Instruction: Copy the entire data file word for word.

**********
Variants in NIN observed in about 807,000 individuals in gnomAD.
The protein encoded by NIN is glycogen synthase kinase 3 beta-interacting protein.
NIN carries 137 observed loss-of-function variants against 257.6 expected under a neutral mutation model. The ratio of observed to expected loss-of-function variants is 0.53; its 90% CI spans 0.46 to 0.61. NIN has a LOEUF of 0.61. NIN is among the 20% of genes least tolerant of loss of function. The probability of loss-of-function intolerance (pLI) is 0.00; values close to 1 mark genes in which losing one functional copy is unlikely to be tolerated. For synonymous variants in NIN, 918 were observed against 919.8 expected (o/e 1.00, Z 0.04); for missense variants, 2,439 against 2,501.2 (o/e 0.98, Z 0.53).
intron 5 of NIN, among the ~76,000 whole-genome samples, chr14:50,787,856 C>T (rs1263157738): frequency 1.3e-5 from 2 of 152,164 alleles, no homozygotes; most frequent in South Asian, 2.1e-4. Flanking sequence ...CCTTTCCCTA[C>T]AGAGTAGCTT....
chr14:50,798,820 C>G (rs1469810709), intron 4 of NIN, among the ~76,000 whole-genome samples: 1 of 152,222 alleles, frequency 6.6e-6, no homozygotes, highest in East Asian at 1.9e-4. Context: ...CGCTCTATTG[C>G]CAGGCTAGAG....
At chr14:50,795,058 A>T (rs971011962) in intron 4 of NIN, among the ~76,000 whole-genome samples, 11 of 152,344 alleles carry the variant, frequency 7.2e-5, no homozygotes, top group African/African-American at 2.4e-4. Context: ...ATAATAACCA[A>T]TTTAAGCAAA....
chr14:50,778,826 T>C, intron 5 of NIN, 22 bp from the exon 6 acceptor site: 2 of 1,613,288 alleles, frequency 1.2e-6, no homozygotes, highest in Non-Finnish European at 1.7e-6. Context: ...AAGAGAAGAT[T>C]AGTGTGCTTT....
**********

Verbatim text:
Variants in NIN observed in about 807,000 individuals in gnomAD.
The protein encoded by NIN is glycogen synthase kinase 3 beta-interacting protein.
NIN carries 137 observed loss-of-function variants against 257.6 expected under a neutral mutation model. The ratio of observed to expected loss-of-function variants is 0.53; its 90% CI spans 0.46 to 0.61. NIN has a LOEUF of 0.61. NIN is among the 20% of genes least tolerant of loss of function. The probability of loss-of-function intolerance (pLI) is 0.00; values close to 1 mark genes in which losing one functional copy is unlikely to be tolerated. For synonymous variants in NIN, 918 were observed against 919.8 expected (o/e 1.00, Z 0.04); for missense variants, 2,439 against 2,501.2 (o/e 0.98, Z 0.53).
intron 5 of NIN, among the ~76,000 whole-genome samples, chr14:50,787,856 C>T (rs1263157738): frequency 1.3e-5 from 2 of 152,164 alleles, no homozygotes; most frequent in South Asian, 2.1e-4. Flanking sequence ...CCTTTCCCTA[C>T]AGAGTAGCTT....
chr14:50,798,820 C>G (rs1469810709), intron 4 of NIN, among the ~76,000 whole-genome samples: 1 of 152,222 alleles, frequency 6.6e-6, no homozygotes, highest in East Asian at 1.9e-4. Context: ...CGCTCTATTG[C>G]CAGGCTAGAG....
At chr14:50,795,058 A>T (rs971011962) in intron 4 of NIN, among the ~76,000 whole-genome samples, 11 of 152,344 alleles carry the variant, frequency 7.2e-5, no homozygotes, top group African/African-American at 2.4e-4. Context: ...ATAATAACCA[A>T]TTTAAGCAAA....
chr14:50,778,826 T>C, intron 5 of NIN, 22 bp from the exon 6 acceptor site: 2 of 1,613,288 alleles, frequency 1.2e-6, no homozygotes, highest in Non-Finnish European at 1.7e-6. Context: ...AAGAGAAGAT[T>C]AGTGTGCTTT....